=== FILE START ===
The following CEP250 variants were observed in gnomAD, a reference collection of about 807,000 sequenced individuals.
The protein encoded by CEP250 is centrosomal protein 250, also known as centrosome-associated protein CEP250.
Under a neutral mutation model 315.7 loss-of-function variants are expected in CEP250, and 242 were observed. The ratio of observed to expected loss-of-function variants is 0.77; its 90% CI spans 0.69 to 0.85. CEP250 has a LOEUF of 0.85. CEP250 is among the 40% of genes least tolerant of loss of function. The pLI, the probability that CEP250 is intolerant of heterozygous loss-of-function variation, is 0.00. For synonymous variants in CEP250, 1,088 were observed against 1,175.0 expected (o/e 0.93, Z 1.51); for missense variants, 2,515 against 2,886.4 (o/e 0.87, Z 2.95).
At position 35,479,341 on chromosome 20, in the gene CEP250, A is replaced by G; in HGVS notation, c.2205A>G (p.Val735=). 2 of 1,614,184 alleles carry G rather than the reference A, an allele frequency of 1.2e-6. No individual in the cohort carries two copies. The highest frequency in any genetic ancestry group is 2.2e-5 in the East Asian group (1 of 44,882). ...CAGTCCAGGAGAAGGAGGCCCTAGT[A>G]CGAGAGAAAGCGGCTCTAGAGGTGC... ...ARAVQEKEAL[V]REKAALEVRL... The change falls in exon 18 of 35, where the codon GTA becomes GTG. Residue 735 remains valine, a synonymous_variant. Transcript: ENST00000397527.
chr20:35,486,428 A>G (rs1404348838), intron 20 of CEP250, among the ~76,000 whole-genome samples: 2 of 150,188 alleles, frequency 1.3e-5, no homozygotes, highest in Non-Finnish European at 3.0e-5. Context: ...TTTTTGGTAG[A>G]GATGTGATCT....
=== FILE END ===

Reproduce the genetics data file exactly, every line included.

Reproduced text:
The following CEP250 variants were observed in gnomAD, a reference collection of about 807,000 sequenced individuals.
The protein encoded by CEP250 is centrosomal protein 250, also known as centrosome-associated protein CEP250.
Under a neutral mutation model 315.7 loss-of-function variants are expected in CEP250, and 242 were observed. The ratio of observed to expected loss-of-function variants is 0.77; its 90% CI spans 0.69 to 0.85. CEP250 has a LOEUF of 0.85. CEP250 is among the 40% of genes least tolerant of loss of function. The pLI, the probability that CEP250 is intolerant of heterozygous loss-of-function variation, is 0.00. For synonymous variants in CEP250, 1,088 were observed against 1,175.0 expected (o/e 0.93, Z 1.51); for missense variants, 2,515 against 2,886.4 (o/e 0.87, Z 2.95).
At position 35,479,341 on chromosome 20, in the gene CEP250, A is replaced by G; in HGVS notation, c.2205A>G (p.Val735=). 2 of 1,614,184 alleles carry G rather than the reference A, an allele frequency of 1.2e-6. No individual in the cohort carries two copies. The highest frequency in any genetic ancestry group is 2.2e-5 in the East Asian group (1 of 44,882). ...CAGTCCAGGAGAAGGAGGCCCTAGT[A>G]CGAGAGAAAGCGGCTCTAGAGGTGC... ...ARAVQEKEAL[V]REKAALEVRL... The change falls in exon 18 of 35, where the codon GTA becomes GTG. Residue 735 remains valine, a synonymous_variant. Transcript: ENST00000397527.
chr20:35,486,428 A>G (rs1404348838), intron 20 of CEP250, among the ~76,000 whole-genome samples: 2 of 150,188 alleles, frequency 1.3e-5, no homozygotes, highest in Non-Finnish European at 3.0e-5. Context: ...TTTTTGGTAG[A>G]GATGTGATCT....